Cat urine: Replace subfloor or is Killz enough?

CathyChexJuly 23, 2014

Ripped up old cat urine carpet and I can see where some spots penetrated through the padding into the pressed floorboards. In a couple of spots, it's actually bubbled up the fibers. Will a couple of coats of Killz be enough or am I going to have to replace the subfloor?

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RealHousewifeofNJ

We replaced the sub floor because even when we replaced the flooring and scrubbed the sub floors the smell never left. Esp. in warm weather! SO glad we did replace the sub floor although I will never get another cat.

    Bookmark   July 23, 2014 at 4:45PM
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CathyChex

Is it a difficult job to replace sections of the subfloor? Something a somewhat handy diy'er could accomplish?

    Bookmark   July 25, 2014 at 8:52PM
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gregmills_gw

No! Its not difficult! If you can run a skill saw you can do it! You dont even have to be good with the saw although it helps :).

What kind of subfloor? Ply? Pine plank? Osb?

It will require some muscle and sweat to remove the old depending on the type and if its screwed or nailed and if theres glue.

    Bookmark   July 26, 2014 at 11:11PM
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mdln

Agree, easy.

    Bookmark   July 27, 2014 at 10:12PM
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navi_jen

Cathy...I've been through an entire house of cat pee. I feel like I'm an expert.

The worst case is to rip out the subfloor and replace. Before you do that, if you have a solid (non OSB) subfloor, you can try a less invasive method:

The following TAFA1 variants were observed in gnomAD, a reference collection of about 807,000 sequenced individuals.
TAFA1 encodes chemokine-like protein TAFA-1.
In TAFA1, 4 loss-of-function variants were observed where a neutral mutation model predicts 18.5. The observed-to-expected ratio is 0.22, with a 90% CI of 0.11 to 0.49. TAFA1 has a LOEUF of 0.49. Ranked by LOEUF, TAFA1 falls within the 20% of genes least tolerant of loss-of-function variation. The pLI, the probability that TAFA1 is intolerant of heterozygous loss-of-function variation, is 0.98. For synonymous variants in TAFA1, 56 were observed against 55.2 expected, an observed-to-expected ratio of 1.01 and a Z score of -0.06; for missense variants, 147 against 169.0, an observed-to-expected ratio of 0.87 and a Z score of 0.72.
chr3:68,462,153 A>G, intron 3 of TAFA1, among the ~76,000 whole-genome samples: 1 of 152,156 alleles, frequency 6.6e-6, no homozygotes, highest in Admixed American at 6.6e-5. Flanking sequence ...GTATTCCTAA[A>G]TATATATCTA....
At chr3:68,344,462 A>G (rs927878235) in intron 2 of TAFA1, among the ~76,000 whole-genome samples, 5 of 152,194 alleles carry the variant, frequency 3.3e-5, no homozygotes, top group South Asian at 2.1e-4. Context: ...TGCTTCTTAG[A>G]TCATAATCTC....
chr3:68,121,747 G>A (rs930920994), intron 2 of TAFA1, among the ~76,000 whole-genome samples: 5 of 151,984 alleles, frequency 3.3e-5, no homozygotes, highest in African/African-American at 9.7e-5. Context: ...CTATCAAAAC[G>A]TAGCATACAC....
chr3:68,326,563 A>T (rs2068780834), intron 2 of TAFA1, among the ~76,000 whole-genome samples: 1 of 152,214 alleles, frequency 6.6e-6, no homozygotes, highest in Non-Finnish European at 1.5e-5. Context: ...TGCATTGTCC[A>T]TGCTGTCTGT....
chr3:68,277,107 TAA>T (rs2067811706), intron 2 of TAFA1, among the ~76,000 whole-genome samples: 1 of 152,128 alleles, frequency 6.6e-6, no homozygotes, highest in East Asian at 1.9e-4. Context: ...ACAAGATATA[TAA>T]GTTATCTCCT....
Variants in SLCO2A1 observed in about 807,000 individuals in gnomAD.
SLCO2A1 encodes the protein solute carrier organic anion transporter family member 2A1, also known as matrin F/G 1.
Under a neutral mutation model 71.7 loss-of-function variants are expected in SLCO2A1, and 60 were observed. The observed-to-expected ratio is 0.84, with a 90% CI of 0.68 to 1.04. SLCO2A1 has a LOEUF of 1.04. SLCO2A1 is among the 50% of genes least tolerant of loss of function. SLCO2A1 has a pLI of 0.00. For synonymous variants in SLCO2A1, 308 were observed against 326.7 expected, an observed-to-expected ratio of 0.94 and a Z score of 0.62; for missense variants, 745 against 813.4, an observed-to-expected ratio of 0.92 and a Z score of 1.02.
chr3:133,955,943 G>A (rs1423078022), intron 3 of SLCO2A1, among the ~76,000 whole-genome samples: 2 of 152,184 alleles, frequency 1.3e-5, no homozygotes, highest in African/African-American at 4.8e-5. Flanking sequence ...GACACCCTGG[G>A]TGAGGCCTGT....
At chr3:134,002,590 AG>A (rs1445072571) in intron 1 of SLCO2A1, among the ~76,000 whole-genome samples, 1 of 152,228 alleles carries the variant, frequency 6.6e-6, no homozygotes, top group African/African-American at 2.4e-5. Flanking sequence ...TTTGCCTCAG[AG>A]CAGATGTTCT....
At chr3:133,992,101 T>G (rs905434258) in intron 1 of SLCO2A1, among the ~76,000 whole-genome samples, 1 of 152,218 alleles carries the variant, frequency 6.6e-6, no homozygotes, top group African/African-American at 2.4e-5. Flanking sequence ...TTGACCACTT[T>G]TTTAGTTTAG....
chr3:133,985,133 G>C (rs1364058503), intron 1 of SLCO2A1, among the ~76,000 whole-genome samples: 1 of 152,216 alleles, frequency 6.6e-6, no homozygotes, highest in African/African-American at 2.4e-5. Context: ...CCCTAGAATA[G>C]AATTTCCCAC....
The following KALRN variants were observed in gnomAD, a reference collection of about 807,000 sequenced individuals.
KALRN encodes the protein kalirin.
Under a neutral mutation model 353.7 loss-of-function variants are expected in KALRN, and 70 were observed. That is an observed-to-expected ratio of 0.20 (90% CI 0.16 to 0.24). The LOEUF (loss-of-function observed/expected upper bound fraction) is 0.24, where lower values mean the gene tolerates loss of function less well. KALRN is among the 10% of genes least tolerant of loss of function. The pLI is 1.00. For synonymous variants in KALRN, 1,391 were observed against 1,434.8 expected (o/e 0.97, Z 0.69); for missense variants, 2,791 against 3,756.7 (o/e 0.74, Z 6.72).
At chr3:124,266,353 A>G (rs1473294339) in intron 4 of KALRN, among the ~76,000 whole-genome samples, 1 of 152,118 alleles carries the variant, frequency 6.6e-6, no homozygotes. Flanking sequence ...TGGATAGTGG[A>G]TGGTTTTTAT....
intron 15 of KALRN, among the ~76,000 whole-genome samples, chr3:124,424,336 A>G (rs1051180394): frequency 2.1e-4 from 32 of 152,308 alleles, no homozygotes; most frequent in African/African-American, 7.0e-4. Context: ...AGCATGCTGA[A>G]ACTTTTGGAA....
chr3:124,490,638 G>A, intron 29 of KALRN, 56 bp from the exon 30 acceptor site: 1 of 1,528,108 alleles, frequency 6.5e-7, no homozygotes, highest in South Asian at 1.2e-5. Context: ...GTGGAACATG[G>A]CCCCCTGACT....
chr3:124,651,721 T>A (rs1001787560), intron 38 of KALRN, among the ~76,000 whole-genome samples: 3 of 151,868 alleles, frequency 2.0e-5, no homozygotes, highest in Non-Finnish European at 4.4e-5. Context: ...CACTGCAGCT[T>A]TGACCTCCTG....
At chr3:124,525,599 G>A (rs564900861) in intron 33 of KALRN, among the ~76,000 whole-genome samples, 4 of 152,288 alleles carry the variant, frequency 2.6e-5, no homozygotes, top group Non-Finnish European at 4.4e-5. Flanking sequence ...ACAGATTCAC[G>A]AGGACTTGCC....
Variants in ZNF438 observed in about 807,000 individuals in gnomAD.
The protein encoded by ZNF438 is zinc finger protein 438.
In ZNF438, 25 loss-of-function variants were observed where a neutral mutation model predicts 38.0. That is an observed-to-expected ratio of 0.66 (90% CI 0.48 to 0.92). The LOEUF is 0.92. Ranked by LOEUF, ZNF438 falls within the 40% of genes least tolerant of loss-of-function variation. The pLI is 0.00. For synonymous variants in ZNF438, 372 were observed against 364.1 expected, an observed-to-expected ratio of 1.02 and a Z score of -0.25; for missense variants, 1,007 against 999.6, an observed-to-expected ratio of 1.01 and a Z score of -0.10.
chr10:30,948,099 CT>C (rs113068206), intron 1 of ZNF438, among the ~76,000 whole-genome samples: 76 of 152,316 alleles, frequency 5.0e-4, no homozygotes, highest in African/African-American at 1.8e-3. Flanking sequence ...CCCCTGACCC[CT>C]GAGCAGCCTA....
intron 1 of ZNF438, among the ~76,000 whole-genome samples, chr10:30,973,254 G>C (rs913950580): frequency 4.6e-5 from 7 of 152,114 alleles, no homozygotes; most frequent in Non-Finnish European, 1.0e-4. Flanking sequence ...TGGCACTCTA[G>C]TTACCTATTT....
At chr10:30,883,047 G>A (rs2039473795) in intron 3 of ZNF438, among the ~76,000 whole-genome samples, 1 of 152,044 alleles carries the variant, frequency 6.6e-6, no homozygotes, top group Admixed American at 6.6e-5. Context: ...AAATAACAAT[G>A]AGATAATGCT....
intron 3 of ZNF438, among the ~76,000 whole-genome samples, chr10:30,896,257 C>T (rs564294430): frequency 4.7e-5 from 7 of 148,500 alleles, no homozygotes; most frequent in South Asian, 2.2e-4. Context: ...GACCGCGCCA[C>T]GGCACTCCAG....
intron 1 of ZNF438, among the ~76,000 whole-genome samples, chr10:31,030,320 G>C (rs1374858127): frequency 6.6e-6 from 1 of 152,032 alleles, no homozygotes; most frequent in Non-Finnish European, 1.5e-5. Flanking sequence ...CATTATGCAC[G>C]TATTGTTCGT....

1. Buy Thornell Cat Odor Cleaner (you can find it on amazon)...they make Kennel cleaning products, and the cat is more concentrated than Kennel Odor Cleaner.
2. Dilute properly, then take a spray bottle and really soak the spot, subfloor, cracks between subfloor pieces and ideally, the underside of the subfloor (if you can get at it).
3. Let it dry and the smell disspate. Repeat several more times until the smell is 99% gone (and smell test on a super humid day, without AC as humidity activates the ammonia in the cat pee).
4. Seal the subfloor with 2 coats of polyurethane (you want something waterproof so the humidity can't get at the wood).
5. After the poly smells dissipate, smell test again on a super humid day (preferably, leave the house over a weekend, closed up, no AC when it's super humid out).
6. If you can't smell it, you win!
7. If you still can (or your floor is OSB), rip and replace.

Good luck!

    Bookmark   July 31, 2014 at 5:48PM
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MizLizzie

ITA with navi_jen. My product of choice is Nature's Miracle Cat Urine Destroyer. Also Amazon, see link. You spray it on straight. Never had it fail me.

So sad when this has to be addressed. A clean litter box and a caring pet owner could have avoided this 95% of the time.

Here is a link that might be useful: Nature's Miracle

    Bookmark   August 1, 2014 at 12:12PM
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CathyChex

Just finally getting a chance to get back to this thread. Thank you SO for your advice! We ended up replacing the boards and it turned out to be a pretty easy job. Well, very easy for me - I just watched hubs do it. ;)

Going to seal the other floorboards as a matter of precaution. We will always have cats and I want to make it as unattractive as possible to them. Because, you know -- I'm such an uncaring pet owner.

Off to clean the litter boxes. Boy, I sure wish I knew that you were supposed to clean out those things. So, THAT'S what the bag means when it says 'scoopable litter'. Who knew??

    Bookmark   August 1, 2014 at 1:58PM
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mdln

Cathy - Am glad you have a sense of humor. Also, glad you found the floorboard replacement easy - and you will always have cats!

MizLizzie - cats often present with inappropriate urination as a sign of an underlying medical condition, including cystitis, diabetes, and hyperthyroidism. Unfortunately, all of these are VERY common in cats. If only we could teach our kitties to tell us when they are having dysuria or palpitations. Maybe, ''meow, meOW, MEOW.'' :-)

    Bookmark   August 1, 2014 at 2:12PM
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